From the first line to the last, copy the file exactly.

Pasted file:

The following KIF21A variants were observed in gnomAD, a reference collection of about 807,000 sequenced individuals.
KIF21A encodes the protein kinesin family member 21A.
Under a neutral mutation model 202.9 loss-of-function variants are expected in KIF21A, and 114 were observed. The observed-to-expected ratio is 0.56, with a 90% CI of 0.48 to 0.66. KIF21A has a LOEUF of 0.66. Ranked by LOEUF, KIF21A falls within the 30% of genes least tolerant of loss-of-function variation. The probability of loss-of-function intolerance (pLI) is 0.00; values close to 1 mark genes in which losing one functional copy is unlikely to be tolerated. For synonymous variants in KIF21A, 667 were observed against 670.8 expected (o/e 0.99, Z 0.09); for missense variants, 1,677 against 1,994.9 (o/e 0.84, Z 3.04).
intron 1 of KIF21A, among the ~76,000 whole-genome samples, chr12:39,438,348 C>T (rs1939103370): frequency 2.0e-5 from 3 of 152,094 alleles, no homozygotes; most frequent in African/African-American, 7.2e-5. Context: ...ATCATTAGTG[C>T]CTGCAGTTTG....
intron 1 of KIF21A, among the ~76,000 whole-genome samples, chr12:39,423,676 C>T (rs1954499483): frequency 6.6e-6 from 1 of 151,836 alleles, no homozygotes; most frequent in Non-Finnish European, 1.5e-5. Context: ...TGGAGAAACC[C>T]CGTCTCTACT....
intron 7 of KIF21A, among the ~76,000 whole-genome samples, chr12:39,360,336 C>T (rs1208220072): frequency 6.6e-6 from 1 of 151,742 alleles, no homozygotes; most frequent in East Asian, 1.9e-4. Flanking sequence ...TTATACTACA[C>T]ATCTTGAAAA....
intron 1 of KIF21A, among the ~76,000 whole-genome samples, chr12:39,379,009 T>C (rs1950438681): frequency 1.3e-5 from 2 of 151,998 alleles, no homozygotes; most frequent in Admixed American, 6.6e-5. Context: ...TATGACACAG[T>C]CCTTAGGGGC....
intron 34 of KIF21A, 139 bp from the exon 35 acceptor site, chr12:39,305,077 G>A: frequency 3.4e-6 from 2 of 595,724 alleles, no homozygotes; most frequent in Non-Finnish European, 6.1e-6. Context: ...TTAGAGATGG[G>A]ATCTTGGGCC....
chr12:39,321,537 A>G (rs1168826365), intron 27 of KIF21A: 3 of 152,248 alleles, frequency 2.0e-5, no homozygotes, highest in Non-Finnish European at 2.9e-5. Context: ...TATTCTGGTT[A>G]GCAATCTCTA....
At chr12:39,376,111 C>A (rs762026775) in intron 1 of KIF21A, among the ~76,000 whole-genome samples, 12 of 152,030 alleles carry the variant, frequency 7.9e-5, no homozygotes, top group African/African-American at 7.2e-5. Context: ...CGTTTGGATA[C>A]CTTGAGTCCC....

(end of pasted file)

The following KIF21A variants were observed in gnomAD, a reference collection of about 807,000 sequenced individuals.
KIF21A encodes the protein kinesin family member 21A.
Under a neutral mutation model 202.9 loss-of-function variants are expected in KIF21A, and 114 were observed. The observed-to-expected ratio is 0.56, with a 90% CI of 0.48 to 0.66. KIF21A has a LOEUF of 0.66. Ranked by LOEUF, KIF21A falls within the 30% of genes least tolerant of loss-of-function variation. The probability of loss-of-function intolerance (pLI) is 0.00; values close to 1 mark genes in which losing one functional copy is unlikely to be tolerated. For synonymous variants in KIF21A, 667 were observed against 670.8 expected (o/e 0.99, Z 0.09); for missense variants, 1,677 against 1,994.9 (o/e 0.84, Z 3.04).
intron 1 of KIF21A, among the ~76,000 whole-genome samples, chr12:39,438,348 C>T (rs1939103370): frequency 2.0e-5 from 3 of 152,094 alleles, no homozygotes; most frequent in African/African-American, 7.2e-5. Context: ...ATCATTAGTG[C>T]CTGCAGTTTG....
intron 1 of KIF21A, among the ~76,000 whole-genome samples, chr12:39,423,676 C>T (rs1954499483): frequency 6.6e-6 from 1 of 151,836 alleles, no homozygotes; most frequent in Non-Finnish European, 1.5e-5. Context: ...TGGAGAAACC[C>T]CGTCTCTACT....
intron 7 of KIF21A, among the ~76,000 whole-genome samples, chr12:39,360,336 C>T (rs1208220072): frequency 6.6e-6 from 1 of 151,742 alleles, no homozygotes; most frequent in East Asian, 1.9e-4. Flanking sequence ...TTATACTACA[C>T]ATCTTGAAAA....
intron 1 of KIF21A, among the ~76,000 whole-genome samples, chr12:39,379,009 T>C (rs1950438681): frequency 1.3e-5 from 2 of 151,998 alleles, no homozygotes; most frequent in Admixed American, 6.6e-5. Context: ...TATGACACAG[T>C]CCTTAGGGGC....
intron 34 of KIF21A, 139 bp from the exon 35 acceptor site, chr12:39,305,077 G>A: frequency 3.4e-6 from 2 of 595,724 alleles, no homozygotes; most frequent in Non-Finnish European, 6.1e-6. Context: ...TTAGAGATGG[G>A]ATCTTGGGCC....
chr12:39,321,537 A>G (rs1168826365), intron 27 of KIF21A: 3 of 152,248 alleles, frequency 2.0e-5, no homozygotes, highest in Non-Finnish European at 2.9e-5. Context: ...TATTCTGGTT[A>G]GCAATCTCTA....
At chr12:39,376,111 C>A (rs762026775) in intron 1 of KIF21A, among the ~76,000 whole-genome samples, 12 of 152,030 alleles carry the variant, frequency 7.9e-5, no homozygotes, top group African/African-American at 7.2e-5. Context: ...CGTTTGGATA[C>A]CTTGAGTCCC....